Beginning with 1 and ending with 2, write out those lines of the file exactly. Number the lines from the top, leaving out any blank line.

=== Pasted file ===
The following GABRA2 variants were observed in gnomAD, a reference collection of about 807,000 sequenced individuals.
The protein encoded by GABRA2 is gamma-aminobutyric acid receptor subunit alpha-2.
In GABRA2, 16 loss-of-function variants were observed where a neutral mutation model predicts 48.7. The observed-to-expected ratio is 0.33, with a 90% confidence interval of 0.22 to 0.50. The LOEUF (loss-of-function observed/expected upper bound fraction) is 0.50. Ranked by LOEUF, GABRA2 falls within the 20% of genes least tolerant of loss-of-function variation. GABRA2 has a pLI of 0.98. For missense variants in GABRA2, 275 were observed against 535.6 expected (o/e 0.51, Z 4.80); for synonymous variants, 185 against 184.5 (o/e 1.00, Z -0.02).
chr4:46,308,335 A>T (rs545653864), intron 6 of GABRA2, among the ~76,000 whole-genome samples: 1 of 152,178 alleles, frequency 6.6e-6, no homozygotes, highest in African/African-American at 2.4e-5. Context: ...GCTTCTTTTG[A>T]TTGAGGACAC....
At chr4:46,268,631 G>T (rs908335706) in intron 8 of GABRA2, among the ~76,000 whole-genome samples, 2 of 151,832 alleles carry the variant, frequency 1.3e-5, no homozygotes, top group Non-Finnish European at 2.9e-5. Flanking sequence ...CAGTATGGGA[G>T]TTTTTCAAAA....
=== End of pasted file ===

The following GABRA2 variants were observed in gnomAD, a reference collection of about 807,000 sequenced individuals.
The protein encoded by GABRA2 is gamma-aminobutyric acid receptor subunit alpha-2.